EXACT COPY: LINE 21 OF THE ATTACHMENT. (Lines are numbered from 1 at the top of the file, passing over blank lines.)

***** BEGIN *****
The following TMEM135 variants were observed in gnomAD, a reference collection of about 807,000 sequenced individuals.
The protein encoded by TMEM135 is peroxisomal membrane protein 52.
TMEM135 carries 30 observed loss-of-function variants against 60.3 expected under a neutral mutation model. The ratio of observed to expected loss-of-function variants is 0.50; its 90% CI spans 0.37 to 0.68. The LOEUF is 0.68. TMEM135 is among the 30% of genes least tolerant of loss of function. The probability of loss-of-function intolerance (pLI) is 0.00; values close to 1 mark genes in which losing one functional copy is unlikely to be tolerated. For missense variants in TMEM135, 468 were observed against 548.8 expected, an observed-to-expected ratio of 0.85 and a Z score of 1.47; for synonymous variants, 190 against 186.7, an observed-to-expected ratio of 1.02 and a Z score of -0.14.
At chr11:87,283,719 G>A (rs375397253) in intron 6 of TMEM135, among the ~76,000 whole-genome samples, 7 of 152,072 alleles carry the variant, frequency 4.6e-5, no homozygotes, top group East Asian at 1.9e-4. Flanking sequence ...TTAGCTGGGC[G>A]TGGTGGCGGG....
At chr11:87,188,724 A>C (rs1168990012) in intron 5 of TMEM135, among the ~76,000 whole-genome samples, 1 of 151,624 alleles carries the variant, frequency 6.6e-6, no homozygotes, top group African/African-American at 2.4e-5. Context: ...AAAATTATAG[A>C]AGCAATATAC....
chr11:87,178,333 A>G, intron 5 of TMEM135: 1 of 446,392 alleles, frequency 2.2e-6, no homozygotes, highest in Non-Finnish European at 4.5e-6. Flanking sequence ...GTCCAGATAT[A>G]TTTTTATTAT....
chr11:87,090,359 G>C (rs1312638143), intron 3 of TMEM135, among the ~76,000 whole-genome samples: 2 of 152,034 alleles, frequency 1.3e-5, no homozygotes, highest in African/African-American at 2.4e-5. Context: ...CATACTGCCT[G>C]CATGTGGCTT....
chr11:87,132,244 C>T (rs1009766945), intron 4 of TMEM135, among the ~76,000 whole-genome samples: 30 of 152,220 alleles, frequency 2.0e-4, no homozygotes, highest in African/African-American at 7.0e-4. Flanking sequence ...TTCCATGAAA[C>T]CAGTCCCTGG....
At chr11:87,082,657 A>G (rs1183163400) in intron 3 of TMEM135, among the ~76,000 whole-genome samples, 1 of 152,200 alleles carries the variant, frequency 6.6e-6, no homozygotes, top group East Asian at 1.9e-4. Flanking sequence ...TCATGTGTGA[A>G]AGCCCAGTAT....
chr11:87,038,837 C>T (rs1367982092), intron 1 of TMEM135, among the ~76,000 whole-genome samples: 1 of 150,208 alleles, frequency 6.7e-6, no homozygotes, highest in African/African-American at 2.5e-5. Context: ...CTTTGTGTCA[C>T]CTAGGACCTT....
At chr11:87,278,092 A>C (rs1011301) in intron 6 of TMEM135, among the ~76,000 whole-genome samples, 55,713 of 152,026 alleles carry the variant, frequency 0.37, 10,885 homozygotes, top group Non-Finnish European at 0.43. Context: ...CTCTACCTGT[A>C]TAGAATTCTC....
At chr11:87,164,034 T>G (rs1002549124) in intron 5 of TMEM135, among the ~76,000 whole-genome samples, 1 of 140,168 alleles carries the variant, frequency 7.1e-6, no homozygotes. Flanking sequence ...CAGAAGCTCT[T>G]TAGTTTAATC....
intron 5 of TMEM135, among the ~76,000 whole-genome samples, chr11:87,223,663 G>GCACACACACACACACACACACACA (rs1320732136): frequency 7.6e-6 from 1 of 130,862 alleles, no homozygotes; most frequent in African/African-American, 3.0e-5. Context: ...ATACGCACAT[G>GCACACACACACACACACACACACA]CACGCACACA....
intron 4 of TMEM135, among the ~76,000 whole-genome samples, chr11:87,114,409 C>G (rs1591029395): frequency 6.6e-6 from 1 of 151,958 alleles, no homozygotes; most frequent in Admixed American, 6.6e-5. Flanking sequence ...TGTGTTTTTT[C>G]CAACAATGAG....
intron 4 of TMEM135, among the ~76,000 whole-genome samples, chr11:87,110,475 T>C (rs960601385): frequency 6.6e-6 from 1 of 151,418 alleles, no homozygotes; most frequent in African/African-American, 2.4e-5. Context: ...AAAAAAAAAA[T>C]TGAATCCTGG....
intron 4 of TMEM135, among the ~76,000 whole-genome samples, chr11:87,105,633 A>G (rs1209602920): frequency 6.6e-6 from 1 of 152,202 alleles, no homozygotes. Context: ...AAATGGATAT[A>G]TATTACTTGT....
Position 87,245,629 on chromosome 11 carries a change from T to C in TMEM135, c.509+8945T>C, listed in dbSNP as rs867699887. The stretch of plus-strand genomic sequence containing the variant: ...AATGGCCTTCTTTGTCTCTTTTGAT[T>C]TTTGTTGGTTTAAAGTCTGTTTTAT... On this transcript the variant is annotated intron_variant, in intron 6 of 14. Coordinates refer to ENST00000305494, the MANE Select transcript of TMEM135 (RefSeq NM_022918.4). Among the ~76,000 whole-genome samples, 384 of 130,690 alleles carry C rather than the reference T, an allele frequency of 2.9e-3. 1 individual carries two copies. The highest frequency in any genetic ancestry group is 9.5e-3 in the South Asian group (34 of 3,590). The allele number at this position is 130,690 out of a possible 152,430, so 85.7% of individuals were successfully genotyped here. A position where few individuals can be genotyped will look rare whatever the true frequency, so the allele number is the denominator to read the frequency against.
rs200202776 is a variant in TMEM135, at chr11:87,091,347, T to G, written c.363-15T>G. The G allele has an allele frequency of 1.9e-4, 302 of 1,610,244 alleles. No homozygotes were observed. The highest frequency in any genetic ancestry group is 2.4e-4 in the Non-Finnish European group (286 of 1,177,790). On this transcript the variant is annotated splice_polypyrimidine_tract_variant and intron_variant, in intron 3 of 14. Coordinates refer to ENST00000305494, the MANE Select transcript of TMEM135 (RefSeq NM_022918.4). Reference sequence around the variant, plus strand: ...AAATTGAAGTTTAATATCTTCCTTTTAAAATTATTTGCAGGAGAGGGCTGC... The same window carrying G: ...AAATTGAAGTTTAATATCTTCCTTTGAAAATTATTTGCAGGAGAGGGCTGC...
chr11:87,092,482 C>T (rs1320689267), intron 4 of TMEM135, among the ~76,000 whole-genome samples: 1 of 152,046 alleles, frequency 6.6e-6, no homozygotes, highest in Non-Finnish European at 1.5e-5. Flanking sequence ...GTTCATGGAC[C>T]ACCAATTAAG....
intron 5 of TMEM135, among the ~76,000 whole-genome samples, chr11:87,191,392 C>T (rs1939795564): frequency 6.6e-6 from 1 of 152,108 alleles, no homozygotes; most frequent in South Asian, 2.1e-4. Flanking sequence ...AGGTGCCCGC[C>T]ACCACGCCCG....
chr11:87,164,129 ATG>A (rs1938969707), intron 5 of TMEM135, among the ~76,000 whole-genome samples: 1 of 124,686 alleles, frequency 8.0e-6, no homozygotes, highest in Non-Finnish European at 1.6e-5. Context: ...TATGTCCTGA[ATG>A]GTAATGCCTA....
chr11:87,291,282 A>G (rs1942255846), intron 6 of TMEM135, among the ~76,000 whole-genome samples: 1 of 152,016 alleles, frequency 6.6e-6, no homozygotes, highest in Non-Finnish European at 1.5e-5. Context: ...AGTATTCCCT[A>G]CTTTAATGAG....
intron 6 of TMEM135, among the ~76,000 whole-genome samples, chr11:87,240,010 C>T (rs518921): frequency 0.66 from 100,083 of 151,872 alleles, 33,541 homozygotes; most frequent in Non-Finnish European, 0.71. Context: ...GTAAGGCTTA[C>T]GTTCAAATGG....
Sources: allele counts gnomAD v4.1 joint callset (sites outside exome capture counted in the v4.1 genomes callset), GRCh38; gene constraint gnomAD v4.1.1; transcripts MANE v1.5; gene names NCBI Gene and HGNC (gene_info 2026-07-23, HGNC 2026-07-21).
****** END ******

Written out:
chr11:87,164,129 ATG>A (rs1938969707), intron 5 of TMEM135, among the ~76,000 whole-genome samples: 1 of 124,686 alleles, frequency 8.0e-6, no homozygotes, highest in Non-Finnish European at 1.6e-5. Context: ...TATGTCCTGA[ATG>A]GTAATGCCTA....